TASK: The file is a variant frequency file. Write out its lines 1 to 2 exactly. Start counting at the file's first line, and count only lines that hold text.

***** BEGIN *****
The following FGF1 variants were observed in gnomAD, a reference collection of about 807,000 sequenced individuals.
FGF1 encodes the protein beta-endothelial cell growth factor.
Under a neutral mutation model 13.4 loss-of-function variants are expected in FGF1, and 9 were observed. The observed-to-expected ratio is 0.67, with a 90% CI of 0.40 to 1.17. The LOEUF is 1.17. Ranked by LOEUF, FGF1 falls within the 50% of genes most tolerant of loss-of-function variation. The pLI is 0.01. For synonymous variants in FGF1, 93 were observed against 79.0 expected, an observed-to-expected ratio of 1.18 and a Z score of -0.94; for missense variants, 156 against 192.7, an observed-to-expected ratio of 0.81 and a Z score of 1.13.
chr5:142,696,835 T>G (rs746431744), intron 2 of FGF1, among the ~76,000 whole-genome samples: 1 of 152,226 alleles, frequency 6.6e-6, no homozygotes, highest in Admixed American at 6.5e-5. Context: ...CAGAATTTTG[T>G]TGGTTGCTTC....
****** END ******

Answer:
The following FGF1 variants were observed in gnomAD, a reference collection of about 807,000 sequenced individuals.
FGF1 encodes the protein beta-endothelial cell growth factor.